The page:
Located just over half-way along the walk, the Gundagai Historical Museum is worth an extended visit. Gundagai was established in 1840, but moved to higher ground in 1852 following a devastating flood (you will have seen The Great Rescue of 1852 monument earlier on the walk). The discovery of gold, and later a flourishing agricultural industry, helped build the town. The museum will give you more of that backstory. It closes at 3pm, so don’t get there too late.

Enjoy dinner and a drink at one of Gundagai’s classic country pubs

Gundagai has some great country pubs, so take your pick for dinner and drinks. The Criterion Hotel serves up an array of tasty pizza options on their deck overlooking the main street, while the Family Hotel up the road does generously sized pub classics, including steaks, parmies, and a killer roast of the day. The Gundagai District Service Club (opposite the Visitor Information Centre) is also a good option, and offers a contemporary setting and well-priced meals.

Day 2

Wake up with The Coffee Pedaler

Get the wheels in motion for the day at The Coffee Pedaler on Sheridan Street. It offers an array of house-made-and-baked treats for breakfast, and great coffee to boot. The cafe occupies what was originally a bank, and old meets new in the fitout.

Meet the Dog on the Tucker Box

The iconic Dog on the Tucker Box monument, also crafted by Rusconi, cast in Sydney, and erected in 1932, is probably responsible for enticing the lion’s share of visitors off the Hume Highway. The monument, located about eight kilometres’ drive north of Gundagai, is thought to be based on a 19th century poem about bullock drays and celebrates the unwavering dedication of man’s best friend (in this case, tenaciously guarding the bullock driver’s tucker to the bitter end). Jack O’ Hagan also turned this tale into a hit tune: Where the Dog Sits On The Tuckerbox (5 Miles from Gundagai). Snap a selfie and browse in the visitor centre for a souvenir of your visit.

Dog on the Tuckerbox, Gundagai. Image courtesy of Destination NSW.

Follow a section of the Southern Gold Trail

While you’re out and about, take the opportunity to follow a stretch of the Southern Gold Trail, which extends from Yass to Kiandra. Gold was discovered in the region early in the New South Wales rush, which lasted roughly from the 1850s to the 1880s. Gold settlements rose and fell, but some survived and later thrived as provincial hubs. Head south from Gundagai along the Hume and turn off at Tumblong to reach Adelong. The state heritage-listed Adelong Falls Gold Mill Ruins are an atmospheric remnant from the era. The mill continued to process ore up until 1914. Cruise on to the town of Tumut, which sits in the north-west foothills of the Snowy Mountains and is home to yet more exquisite period architecture, a community museum and heritage railway precinct. If time is on your side, you can head south from there past Blowering Dam to Kiandra. If not, circle back to Gundagai.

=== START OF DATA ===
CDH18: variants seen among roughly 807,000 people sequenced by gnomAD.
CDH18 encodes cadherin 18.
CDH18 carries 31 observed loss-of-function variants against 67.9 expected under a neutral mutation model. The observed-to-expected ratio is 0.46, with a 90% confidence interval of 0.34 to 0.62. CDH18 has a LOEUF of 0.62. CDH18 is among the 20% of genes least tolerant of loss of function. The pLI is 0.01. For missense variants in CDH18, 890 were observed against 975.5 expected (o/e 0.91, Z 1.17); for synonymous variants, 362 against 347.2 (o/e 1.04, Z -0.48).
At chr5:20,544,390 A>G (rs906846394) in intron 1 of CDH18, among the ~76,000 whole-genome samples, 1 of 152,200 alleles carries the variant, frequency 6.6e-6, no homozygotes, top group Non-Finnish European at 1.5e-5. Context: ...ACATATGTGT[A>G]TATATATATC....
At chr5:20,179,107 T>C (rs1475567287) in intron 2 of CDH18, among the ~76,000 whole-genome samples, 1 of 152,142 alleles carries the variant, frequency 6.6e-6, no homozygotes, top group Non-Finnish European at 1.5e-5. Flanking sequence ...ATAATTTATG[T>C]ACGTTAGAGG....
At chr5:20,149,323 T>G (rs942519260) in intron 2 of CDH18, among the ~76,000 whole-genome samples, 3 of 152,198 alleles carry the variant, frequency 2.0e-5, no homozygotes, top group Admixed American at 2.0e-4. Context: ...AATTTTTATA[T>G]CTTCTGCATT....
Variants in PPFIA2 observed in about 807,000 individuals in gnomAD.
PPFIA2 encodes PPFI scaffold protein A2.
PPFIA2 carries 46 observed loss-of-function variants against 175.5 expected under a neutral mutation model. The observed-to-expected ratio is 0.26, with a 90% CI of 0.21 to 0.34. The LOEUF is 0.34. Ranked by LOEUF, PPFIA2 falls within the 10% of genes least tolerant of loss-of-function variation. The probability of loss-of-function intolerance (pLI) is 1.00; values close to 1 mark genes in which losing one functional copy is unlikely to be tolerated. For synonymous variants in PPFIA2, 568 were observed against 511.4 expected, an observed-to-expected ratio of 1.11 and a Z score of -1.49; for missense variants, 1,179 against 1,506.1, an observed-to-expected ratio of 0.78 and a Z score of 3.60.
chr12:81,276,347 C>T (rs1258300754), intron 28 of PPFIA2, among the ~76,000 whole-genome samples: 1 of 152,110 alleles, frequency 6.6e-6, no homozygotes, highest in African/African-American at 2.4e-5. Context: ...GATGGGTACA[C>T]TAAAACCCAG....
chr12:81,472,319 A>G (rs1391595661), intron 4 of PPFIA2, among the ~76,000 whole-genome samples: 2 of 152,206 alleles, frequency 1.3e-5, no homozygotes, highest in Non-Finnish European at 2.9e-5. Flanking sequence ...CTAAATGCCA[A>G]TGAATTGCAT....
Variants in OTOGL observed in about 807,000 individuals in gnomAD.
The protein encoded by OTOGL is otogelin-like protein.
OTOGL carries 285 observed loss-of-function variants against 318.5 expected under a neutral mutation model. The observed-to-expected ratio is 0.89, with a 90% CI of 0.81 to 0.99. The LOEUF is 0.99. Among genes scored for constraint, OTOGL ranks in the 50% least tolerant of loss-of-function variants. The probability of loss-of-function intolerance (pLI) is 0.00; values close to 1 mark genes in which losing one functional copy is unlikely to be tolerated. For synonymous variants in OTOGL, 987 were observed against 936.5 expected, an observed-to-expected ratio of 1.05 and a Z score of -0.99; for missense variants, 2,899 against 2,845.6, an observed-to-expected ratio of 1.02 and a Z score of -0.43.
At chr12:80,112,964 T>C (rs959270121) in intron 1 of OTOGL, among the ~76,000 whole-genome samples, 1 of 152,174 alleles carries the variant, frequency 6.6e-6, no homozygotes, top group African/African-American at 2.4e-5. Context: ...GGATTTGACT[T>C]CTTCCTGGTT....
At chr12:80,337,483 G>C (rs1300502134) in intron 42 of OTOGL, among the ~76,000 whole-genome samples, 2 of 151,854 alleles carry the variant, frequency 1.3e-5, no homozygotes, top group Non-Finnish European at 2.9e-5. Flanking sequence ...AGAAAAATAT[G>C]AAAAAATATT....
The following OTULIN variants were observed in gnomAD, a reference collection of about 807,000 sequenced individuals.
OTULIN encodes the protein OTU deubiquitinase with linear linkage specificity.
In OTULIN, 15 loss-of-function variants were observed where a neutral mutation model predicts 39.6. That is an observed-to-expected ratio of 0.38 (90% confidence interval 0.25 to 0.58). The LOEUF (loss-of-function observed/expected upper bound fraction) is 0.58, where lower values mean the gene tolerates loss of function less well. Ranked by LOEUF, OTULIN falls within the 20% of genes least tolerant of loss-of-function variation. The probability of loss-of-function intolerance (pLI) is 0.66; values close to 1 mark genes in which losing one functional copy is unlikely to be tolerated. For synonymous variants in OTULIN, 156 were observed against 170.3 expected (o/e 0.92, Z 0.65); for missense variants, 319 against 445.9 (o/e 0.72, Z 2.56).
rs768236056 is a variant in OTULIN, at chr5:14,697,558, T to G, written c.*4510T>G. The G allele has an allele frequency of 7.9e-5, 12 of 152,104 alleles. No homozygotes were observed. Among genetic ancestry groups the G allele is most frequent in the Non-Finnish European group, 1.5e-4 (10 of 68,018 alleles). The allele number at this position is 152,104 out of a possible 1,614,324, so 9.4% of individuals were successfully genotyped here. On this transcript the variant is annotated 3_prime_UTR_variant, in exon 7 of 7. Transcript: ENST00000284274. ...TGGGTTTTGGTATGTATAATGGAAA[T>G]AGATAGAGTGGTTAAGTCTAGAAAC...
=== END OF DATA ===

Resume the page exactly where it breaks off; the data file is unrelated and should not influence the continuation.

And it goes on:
Adelong Falls Gold Mill Ruins, Adelong. Image courtesy of Destination NSW.

See what’s playing at The Sheridan Room

The aforementioned Old Post Office houses The Sheridan Room – a gorgeous event space that hosts a diverse calendar of live public events, cabaret, concerts, and dinner theatre. There are also high teas with live music on Sundays. It’s worth checking out what’s on prior to your visit and pre-booking tickets to your choice of event. You’ll rub shoulders with locals and get a unique insight into the social fabric of the community.

Need a place to stay?
The Comfort Inn Sovereign Gundagai is located on the edge of the town centre, within walking distance of several historic points of interest. Enjoy comfortable accommodation, with free parking and Wi-Fi. 

About the writer

Adam Ford is editor of The Big Bus tour and travel guide and a travel TV presenter, writer, blogger and photographer. He has previously had the opportunity to travel the world as host of the TV series Tour the World on Network Ten.

Cover image courtesy of Destination NSW